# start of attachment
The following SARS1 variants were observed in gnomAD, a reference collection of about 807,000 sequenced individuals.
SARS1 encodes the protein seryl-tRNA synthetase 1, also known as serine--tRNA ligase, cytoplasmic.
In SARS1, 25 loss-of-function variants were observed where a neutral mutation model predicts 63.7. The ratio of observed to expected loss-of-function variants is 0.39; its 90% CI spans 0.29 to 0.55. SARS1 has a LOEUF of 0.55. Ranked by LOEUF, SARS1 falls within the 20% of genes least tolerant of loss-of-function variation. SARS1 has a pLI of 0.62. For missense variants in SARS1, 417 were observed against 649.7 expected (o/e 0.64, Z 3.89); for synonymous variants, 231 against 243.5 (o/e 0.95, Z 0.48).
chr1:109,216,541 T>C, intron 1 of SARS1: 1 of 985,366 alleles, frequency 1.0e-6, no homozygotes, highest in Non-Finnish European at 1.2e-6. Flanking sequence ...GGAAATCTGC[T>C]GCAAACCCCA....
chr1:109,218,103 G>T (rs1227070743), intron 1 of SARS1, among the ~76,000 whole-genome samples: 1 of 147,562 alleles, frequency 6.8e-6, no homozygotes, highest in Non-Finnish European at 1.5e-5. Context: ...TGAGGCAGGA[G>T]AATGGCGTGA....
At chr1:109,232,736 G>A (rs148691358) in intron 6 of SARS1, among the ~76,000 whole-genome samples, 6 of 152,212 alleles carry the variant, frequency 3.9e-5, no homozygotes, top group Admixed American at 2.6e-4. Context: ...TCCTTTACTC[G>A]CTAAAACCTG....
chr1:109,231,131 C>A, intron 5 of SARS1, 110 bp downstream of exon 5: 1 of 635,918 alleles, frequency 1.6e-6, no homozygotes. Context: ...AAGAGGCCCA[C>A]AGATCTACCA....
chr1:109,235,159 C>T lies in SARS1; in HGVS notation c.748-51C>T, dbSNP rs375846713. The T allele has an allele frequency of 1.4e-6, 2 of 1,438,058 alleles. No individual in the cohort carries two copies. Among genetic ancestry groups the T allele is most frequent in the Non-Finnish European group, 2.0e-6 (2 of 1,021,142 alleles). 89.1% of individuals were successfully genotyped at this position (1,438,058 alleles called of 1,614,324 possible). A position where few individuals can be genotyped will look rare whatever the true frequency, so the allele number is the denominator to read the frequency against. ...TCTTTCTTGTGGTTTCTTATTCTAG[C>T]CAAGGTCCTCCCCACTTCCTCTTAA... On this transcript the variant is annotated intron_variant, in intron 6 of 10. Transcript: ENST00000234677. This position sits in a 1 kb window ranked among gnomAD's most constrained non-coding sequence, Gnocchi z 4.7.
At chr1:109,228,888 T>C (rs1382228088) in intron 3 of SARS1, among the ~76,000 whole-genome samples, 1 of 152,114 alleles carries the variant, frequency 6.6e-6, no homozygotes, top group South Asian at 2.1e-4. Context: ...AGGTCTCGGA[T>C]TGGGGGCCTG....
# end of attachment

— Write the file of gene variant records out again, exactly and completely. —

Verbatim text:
The following SARS1 variants were observed in gnomAD, a reference collection of about 807,000 sequenced individuals.
SARS1 encodes the protein seryl-tRNA synthetase 1, also known as serine--tRNA ligase, cytoplasmic.
In SARS1, 25 loss-of-function variants were observed where a neutral mutation model predicts 63.7. The ratio of observed to expected loss-of-function variants is 0.39; its 90% CI spans 0.29 to 0.55. SARS1 has a LOEUF of 0.55. Ranked by LOEUF, SARS1 falls within the 20% of genes least tolerant of loss-of-function variation. SARS1 has a pLI of 0.62. For missense variants in SARS1, 417 were observed against 649.7 expected (o/e 0.64, Z 3.89); for synonymous variants, 231 against 243.5 (o/e 0.95, Z 0.48).
chr1:109,216,541 T>C, intron 1 of SARS1: 1 of 985,366 alleles, frequency 1.0e-6, no homozygotes, highest in Non-Finnish European at 1.2e-6. Flanking sequence ...GGAAATCTGC[T>C]GCAAACCCCA....
chr1:109,218,103 G>T (rs1227070743), intron 1 of SARS1, among the ~76,000 whole-genome samples: 1 of 147,562 alleles, frequency 6.8e-6, no homozygotes, highest in Non-Finnish European at 1.5e-5. Context: ...TGAGGCAGGA[G>T]AATGGCGTGA....
At chr1:109,232,736 G>A (rs148691358) in intron 6 of SARS1, among the ~76,000 whole-genome samples, 6 of 152,212 alleles carry the variant, frequency 3.9e-5, no homozygotes, top group Admixed American at 2.6e-4. Context: ...TCCTTTACTC[G>A]CTAAAACCTG....
chr1:109,231,131 C>A, intron 5 of SARS1, 110 bp downstream of exon 5: 1 of 635,918 alleles, frequency 1.6e-6, no homozygotes. Context: ...AAGAGGCCCA[C>A]AGATCTACCA....
chr1:109,235,159 C>T lies in SARS1; in HGVS notation c.748-51C>T, dbSNP rs375846713. The T allele has an allele frequency of 1.4e-6, 2 of 1,438,058 alleles. No individual in the cohort carries two copies. Among genetic ancestry groups the T allele is most frequent in the Non-Finnish European group, 2.0e-6 (2 of 1,021,142 alleles). 89.1% of individuals were successfully genotyped at this position (1,438,058 alleles called of 1,614,324 possible). A position where few individuals can be genotyped will look rare whatever the true frequency, so the allele number is the denominator to read the frequency against. ...TCTTTCTTGTGGTTTCTTATTCTAG[C>T]CAAGGTCCTCCCCACTTCCTCTTAA... On this transcript the variant is annotated intron_variant, in intron 6 of 10. Transcript: ENST00000234677. This position sits in a 1 kb window ranked among gnomAD's most constrained non-coding sequence, Gnocchi z 4.7.
At chr1:109,228,888 T>C (rs1382228088) in intron 3 of SARS1, among the ~76,000 whole-genome samples, 1 of 152,114 alleles carries the variant, frequency 6.6e-6, no homozygotes, top group South Asian at 2.1e-4. Context: ...AGGTCTCGGA[T>C]TGGGGGCCTG....